progress of the field of software engineering between 2004 and 2016
October 21, 2019 12:22 PM   Subscribe

Nowadays, professionally, I am extremely conscious of this sort of style choice or convention, trying hard to ensure it's consistent across the team, organization, or better yet with the rest of the broader community. At the time, though, I was programming basically alone, and idiosyncrasies, like this mistaken naming convention, could persist for years. 3500 words from Li Haoyi, "a software engineer, an early contributor to Scala.js, and the author of many open-source Scala tools such as the Ammonite REPL and FastParse," describing a 300-line version of Asteroids he wrote when he was fourteen.
posted by cgc373 (7 comments total) 16 users marked this as a favorite
Next up: technical artist criticises childhood drawings for not adhering to the contemporary best practices of patent application illustrations.
posted by Pyry at 2:06 PM on October 21, 2019

Or why I always want to throw up when reviewing my old code. I have code from 1983, but scanning it in from printouts would be a chore. That's my excuse and I'm sticking to it. Besides, I know some of my stuff from 93 is still in production and I'm sure gets questioned everyday by the new maintainers.

Some of things he notes, like ALL CAPS and later on switching to camelCase, are a sign of the times. It took me a while and another language to get past under_score separators. Single or Plural collection names? Static and Overloaded code at the top or the bottom of the file? That's just the imperative bleeding into the oo stuff.

Strong preference for functions?

One thing he didn't touch upon in the article, as a Scala programmer, is the strong opinions regarding Scala-as-nicer-Java, Scala-as-multiparadigm, and Scala-as-Functional/Category Theory language, and their influence on practices and conventions of current Scala programmers.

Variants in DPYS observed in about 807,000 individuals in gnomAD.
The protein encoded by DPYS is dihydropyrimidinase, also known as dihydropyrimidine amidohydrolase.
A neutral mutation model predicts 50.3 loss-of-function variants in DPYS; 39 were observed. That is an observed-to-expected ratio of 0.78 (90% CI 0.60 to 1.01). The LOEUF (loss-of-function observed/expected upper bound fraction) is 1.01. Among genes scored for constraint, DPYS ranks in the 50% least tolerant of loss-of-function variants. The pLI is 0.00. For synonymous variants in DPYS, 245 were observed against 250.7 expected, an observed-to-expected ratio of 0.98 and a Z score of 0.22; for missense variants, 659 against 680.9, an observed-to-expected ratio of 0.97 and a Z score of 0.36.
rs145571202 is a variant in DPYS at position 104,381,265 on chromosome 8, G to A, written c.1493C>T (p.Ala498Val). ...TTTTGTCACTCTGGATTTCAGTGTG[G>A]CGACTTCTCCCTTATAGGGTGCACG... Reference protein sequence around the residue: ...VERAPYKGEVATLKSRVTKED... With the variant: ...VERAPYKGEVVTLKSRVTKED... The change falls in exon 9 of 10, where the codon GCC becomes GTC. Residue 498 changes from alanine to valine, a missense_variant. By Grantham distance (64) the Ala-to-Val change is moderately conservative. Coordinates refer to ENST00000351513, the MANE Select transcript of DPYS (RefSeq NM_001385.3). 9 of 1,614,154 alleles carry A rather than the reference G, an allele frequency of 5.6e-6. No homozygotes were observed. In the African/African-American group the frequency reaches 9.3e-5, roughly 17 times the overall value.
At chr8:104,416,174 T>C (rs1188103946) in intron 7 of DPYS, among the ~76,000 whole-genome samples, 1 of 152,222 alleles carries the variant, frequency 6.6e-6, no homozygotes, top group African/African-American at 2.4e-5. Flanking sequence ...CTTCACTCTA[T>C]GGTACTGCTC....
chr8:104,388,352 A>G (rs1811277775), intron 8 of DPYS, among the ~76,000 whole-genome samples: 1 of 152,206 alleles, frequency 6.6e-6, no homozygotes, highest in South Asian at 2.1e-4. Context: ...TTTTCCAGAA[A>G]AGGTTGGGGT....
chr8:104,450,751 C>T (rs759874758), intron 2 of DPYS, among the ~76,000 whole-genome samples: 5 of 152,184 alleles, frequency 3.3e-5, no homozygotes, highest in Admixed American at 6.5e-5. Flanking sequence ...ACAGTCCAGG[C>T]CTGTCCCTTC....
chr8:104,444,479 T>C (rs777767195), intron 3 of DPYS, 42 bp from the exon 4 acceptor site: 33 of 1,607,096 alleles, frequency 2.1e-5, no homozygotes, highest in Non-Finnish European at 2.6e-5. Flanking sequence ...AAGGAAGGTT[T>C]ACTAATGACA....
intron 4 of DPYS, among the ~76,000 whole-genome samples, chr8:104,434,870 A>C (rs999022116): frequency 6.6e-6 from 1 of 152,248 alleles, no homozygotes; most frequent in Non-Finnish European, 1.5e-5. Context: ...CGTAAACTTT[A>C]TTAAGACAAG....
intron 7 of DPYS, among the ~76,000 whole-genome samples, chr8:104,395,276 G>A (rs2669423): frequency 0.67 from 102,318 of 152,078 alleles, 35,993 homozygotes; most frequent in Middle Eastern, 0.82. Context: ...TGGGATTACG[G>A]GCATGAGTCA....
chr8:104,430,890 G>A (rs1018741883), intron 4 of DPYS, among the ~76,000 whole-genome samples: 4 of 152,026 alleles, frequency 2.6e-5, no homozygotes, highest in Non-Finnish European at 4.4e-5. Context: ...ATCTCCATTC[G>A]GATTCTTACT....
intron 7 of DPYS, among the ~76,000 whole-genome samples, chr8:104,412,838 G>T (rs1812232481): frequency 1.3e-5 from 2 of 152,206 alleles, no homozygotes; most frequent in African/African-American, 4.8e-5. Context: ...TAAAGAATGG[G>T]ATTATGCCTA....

posted by grimjeer at 4:08 PM on October 21, 2019

Ugh, flashbacks to being forced to learn Java and Object-Oriented programming in my 1st year Computer Science courses. The overkill of Java made very little sense to my scripting-oriented brain, the course assignments were contrived, and I’m pretty sure I committed every Java sin in the book because I just couldn’t make myself get it.

Very glad to have found my way towards working with data, with code as a helper rather than a primary product. Equally glad that other people love writing clean code as their primary calling, and make useful libraries that I can import.
posted by mantecol at 8:51 PM on October 21, 2019 [1 favorite]

In the companies I worked, I was fortunate in being well enough respected to have a say on programming standards.
I usually tended to throw out the hard and fast rules - except as a fallback option - in favour of allowing people to us their own style - as long as it was acceptable to peer review.
This has the advantages of not stifling individual ideas - which may be better than and therefore become the standard, but also keeping people involved in developing new things.
posted by Burn_IT at 8:21 AM on October 22, 2019 [1 favorite]

... in favour of allowing people to us their own style ... This has the advantages of not stifling individual ideas

I would ... at least mildly push back on this.

Hard and fast rules about how to approach problem solving are bad, but coding style should be enforced automatically at commit time. I don't even care what coding style you pick -- pick anything not insane. Any company spending even a minute in code reviews with people nitpicking over whether braces go on the same line / next line, whether you're indenting the right number of spaces (or god forbid tabs), etc, is wasting time that could be spent on real work. Worse, allowing everyone to have slightly different styles tends to cause code reviews to devolve into nitpicking where everyone's looking at tiny irrelevant details and nobody is actually looking at the overall flow of the code.

The tl;dr for me is, I have no strong opinion on a code style, but I have a nearly unchangeable opinion that there should be a code style, and that it should be enforced by automation always, no exceptions.
posted by tocts at 10:55 AM on October 22, 2019 [1 favorite]

As professional programming is a social enterprise, adopting and adhering to a uniform coding style is the bare minimum that can be expected. This has the additional advantage of quickly identifying the prima donnas who will subvert the team morale and dynamic.
posted by sjswitzer at 11:17 AM on October 22, 2019

In my last programming job, the style rule was: whatever clang-tidy does by default. Saved on a lot of arguments...
posted by pharm at 11:31 AM on October 22, 2019

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